Leadership 101

Good leaders, whether in the church, the family, education, government, or business have several qualities in common. Each of these areas of community must function differently and different gifts and skills accompany leadership in these places of service. Yet there are some basic truths concerning leadership that applies across the board in all these areas of life. Of course, the greatest kind of leader is one who is first a follower of Jesus Christ. All leaders would do well to head the words of the Apostle Paul, “Follow me as I follow Christ.” This is the first and greatest obligation of any leader, “Does he submit himself to the authority of Christ and subsequently submit himself to the leadership God has placed over him?” But after that, I believe there are three aspects of good leadership that need to be better cultivated in my life as well as in the lives and service of all supposed leaders in every possible venue. Simply put, good leaders think deeply, act decisively and react humbly.

Good Leaders Think Deeply.

This is the first task of leadership to think clearly, deeply and sufficiently. This not only prepares the leader for what may or may not happen as they encourage others to follow, but it also prepares them for possible opposition, and gives them confidence (passing that on to those following) that they as a leader is competent to lead. In a parenting context, fathers need to think clearly (and I believe Biblically) about the negatives and positives that accompany any decisions, the loss and reward, what is to be gained and what is to be lost in certain choices and decisions, and how to implement certain ideas and actions. A father ought to think about the immediate ramifications of decisions as well as the long-term effects of decisions. A father needs to think more than his children and his wife about  decisions, so that he is ready to lead when it is time to act. The same is true regarding church leadership. The pastor ought to “out-think” the entire congregation, staff, and/or deacons in proposals, ministry plans, staff decisions, and ministries or projects. This must not be confused with leadership by oppression or force or tyranny. It is not that the leader does not listen to those he is leading and even change his plans and decisions at times based on other’s counsel. In fact, thinking deeply requires at its most basic level listening intently to others. Receiving trusted counsel, bouncing ideas off of others, asking for input, prayer and continually searching the Scriptures and how other mature individuals understand the Scriptures (living or deceased) is all a part of thinking deeply. This thinking deeply is the opposite of running over people to accomplish plans, but considering everyone who will be impacted by a decision. It is considering, most importantly, what God thinks about a certain issue or decision. Of course most people in this age struggle to think deeply on account of all the distractions that infest our lives. This is why it is so important that godly leaders spend much time in solitude with the Spirit of God, the Word of God, and their God-entrenched thoughts. At the same time, it is necessary to know the people we are leading so that we can think deeply concerning how our decisions will both temporarily and eternally impact them. On a personal note as a pastor, any individual who desires to be a leader in the church must be willing to spend hours upon hours thinking, meditating, reading, listening, and learning. If he is not willing to do that, then he is not yet fit for leadership in the assembly.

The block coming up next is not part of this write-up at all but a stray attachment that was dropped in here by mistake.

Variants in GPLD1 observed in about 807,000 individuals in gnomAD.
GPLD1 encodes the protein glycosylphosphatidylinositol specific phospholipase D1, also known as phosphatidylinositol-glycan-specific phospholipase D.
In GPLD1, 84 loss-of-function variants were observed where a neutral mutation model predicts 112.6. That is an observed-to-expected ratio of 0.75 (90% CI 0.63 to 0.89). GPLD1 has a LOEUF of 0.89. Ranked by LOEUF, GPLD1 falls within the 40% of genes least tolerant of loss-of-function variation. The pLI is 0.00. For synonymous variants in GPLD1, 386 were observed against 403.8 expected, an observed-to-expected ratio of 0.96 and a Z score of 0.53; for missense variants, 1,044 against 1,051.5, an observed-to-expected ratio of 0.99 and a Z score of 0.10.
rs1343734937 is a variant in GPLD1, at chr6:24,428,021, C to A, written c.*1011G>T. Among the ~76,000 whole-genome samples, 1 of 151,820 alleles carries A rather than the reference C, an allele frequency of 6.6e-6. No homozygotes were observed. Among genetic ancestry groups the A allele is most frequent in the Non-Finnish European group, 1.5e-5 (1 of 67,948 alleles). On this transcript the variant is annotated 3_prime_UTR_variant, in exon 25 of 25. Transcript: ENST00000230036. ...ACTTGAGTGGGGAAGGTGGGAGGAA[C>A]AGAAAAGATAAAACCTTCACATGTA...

Good Leaders Act Decisively